While explaining the definition of "Mrs" to my Madison born cousin, he said to me, "Oh right. I remember that now. I had some teachers in school who would get mad if we didn't call them 'Ms.'" Now that, I have never heard of, but, it's a liberal town. I imagine Madison probably has more couples combining their names, or women keeping their names, or men taking the women's names.

If I am ever crazy enough to get married, I would certainly keep my name, but I don't look down upon you if you don't. It's the name I was given. Being that there are currently only five of us, who bear this name, and my dad is the only male, we will have to carry it on the best way we can.

Please remember one thing. Ladies, try not to let people call you "Mrs." Remember that when they call you that, you are an object.


  1. It is easy to say that when you have a name like Winston. It is short, catchy, and easy to pronounce. Check back with me when your name is Groner...it may have you thinking twice!

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  3. Great post. I took my wife's last name, and our kids all have her last name. Having done this, I completely agree with you that we all need to question the traditionsof women taking their husband's name and of using the title Mrs. upon marriage.

    We worked things out somewhat unusually. We originally kept our names when married. Then, when our first child came along, I stayed home and we agreed that he would have my wife's last name. Little did I realize how important that decision would be. When you're lugging around a baby, and are his dad, everyone calls you by his last name. At first, I always corrected people but as time went on (and as we had another son) I did this less and less. Finally, when I'd call doctor's offices and other contacts for the kids, I just identified myself by the kids' last name (i.e., my wife's not mine). Ten years ago, my wife became pregnant with our third child and we planned to move to another city, to follow her job. Since we were moving and starting out in a new city and state, I figured we'd make a new start, so I offered to take my wife's last name. She was somewhat mortified at first, but we eventually agreed to do it. She took my old last name as her new middle name. I got a lot of criticism from some people, but in the long run it's made things simpler.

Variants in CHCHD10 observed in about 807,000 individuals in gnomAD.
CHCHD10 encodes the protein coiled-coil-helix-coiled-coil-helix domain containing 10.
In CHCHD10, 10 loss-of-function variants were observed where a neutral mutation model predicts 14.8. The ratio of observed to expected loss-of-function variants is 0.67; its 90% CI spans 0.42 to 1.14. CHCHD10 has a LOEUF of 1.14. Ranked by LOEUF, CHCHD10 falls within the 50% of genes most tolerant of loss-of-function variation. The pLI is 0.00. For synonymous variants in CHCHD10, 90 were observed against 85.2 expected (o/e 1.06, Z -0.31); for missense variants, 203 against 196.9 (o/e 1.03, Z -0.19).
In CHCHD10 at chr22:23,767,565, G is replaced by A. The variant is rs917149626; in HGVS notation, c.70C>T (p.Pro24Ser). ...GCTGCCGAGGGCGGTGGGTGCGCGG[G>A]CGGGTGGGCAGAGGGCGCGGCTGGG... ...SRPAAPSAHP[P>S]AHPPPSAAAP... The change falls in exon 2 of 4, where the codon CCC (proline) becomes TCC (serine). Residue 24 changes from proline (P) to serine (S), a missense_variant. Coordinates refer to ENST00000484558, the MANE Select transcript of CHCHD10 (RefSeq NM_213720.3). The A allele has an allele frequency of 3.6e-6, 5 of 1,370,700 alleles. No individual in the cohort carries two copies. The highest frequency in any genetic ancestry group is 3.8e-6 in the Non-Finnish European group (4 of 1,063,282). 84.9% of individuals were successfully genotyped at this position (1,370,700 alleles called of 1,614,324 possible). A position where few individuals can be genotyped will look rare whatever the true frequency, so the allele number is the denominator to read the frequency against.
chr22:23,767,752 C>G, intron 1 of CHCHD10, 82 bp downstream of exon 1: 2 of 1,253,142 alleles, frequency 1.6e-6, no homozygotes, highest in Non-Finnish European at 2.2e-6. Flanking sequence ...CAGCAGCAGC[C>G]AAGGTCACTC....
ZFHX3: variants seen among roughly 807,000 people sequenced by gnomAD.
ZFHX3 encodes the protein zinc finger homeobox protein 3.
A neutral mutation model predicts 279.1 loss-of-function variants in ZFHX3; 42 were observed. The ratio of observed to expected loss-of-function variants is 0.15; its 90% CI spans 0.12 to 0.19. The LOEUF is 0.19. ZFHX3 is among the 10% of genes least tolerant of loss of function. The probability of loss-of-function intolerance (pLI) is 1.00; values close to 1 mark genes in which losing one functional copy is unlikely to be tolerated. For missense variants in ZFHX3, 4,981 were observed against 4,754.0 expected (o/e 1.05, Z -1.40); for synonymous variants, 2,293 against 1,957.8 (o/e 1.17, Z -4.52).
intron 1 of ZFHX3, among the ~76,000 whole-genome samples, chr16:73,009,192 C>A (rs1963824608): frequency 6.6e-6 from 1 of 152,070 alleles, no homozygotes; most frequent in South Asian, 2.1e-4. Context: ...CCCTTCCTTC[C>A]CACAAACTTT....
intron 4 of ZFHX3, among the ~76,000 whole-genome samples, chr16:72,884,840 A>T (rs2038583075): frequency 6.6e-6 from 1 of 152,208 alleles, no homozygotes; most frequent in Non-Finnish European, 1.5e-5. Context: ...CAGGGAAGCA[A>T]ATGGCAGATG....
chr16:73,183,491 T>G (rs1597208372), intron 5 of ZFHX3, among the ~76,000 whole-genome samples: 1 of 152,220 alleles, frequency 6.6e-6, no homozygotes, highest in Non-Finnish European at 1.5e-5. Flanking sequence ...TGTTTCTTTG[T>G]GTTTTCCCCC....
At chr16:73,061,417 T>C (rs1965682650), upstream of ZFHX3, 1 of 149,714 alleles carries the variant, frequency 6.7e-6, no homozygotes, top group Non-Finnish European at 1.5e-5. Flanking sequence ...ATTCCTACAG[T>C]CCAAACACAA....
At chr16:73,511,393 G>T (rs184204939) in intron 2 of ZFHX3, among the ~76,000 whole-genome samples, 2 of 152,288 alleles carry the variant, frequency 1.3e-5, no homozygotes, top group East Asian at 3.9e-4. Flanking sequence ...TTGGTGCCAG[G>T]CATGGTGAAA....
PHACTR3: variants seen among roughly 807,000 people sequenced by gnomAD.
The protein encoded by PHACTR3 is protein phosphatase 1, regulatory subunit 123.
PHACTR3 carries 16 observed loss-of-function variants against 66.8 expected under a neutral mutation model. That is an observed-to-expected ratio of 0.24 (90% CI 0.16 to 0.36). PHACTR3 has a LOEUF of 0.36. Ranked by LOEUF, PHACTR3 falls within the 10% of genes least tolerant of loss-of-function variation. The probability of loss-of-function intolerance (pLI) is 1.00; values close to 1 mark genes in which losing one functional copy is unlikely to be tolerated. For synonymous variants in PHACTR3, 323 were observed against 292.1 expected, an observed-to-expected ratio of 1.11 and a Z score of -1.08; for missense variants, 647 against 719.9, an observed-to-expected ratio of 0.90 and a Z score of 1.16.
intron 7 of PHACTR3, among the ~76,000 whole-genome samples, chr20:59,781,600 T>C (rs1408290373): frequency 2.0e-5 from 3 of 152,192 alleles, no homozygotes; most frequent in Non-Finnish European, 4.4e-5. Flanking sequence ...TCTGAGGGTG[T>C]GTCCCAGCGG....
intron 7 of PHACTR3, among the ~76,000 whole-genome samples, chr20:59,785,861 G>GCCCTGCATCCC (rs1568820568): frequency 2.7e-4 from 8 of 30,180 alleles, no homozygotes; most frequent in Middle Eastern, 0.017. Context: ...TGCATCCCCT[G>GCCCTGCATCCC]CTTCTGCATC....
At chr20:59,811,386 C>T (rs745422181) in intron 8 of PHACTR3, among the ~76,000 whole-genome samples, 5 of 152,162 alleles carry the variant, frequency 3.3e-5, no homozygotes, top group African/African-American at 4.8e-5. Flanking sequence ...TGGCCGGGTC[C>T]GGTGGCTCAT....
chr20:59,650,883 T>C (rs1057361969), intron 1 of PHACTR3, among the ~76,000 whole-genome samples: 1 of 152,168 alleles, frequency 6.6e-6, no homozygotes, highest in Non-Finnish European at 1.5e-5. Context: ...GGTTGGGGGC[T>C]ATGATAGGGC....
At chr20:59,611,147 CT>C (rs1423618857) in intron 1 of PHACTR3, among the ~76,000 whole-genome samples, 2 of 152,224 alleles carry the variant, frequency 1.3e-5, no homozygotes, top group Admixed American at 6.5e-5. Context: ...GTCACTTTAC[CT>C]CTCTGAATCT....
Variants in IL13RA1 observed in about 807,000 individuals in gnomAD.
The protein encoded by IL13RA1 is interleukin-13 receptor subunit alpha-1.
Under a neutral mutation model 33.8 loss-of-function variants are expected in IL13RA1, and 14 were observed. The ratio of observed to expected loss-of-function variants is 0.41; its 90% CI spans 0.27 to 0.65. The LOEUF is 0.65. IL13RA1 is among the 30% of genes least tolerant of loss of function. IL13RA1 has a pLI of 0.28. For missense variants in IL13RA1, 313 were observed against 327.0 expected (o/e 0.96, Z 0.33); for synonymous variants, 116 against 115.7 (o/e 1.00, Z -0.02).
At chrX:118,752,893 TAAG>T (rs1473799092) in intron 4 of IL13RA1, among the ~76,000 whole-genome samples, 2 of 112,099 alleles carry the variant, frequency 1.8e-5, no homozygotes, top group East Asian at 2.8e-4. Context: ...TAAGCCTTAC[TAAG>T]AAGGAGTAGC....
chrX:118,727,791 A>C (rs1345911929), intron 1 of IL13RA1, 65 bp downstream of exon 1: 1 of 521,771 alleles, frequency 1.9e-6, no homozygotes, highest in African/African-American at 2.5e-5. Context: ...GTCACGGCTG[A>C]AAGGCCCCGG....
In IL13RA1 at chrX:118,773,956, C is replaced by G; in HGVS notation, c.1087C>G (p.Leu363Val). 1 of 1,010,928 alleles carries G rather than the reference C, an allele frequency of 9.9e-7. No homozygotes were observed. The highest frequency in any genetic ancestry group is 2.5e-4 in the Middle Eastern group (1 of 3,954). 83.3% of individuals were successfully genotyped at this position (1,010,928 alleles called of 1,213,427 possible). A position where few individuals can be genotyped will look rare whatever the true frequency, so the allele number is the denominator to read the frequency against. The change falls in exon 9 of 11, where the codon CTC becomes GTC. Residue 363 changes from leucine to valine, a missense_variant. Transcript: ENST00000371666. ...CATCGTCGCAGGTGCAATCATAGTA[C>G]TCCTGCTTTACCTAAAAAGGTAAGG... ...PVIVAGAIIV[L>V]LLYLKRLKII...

It's an unequal situation in that the name that defines you, for most reasons, is your last name and mine is the one that changed. It was hard on my male ego at first, but I've basically evolved over the years and am proud of it!
    Your post is so good because it addresses two distinct but related points - the tradition where the wife takes the husband's last name AND the tradition where she is known as Mrs. after marriage. My wife and I have reversed tradition on the first point, but of course there is no "married" title for a man, so I have not had to grapple with the second. I have done a lot of reading on the topic over the past several years (your post really stands out in terms of what I have read), and I recall at some point an article suggesting that we should either drop Miss and Mrs or keep these terms but use parallel terms for men. The first idea is probably better but the second would be equitable too - what's fair for one sex should be fair for the other.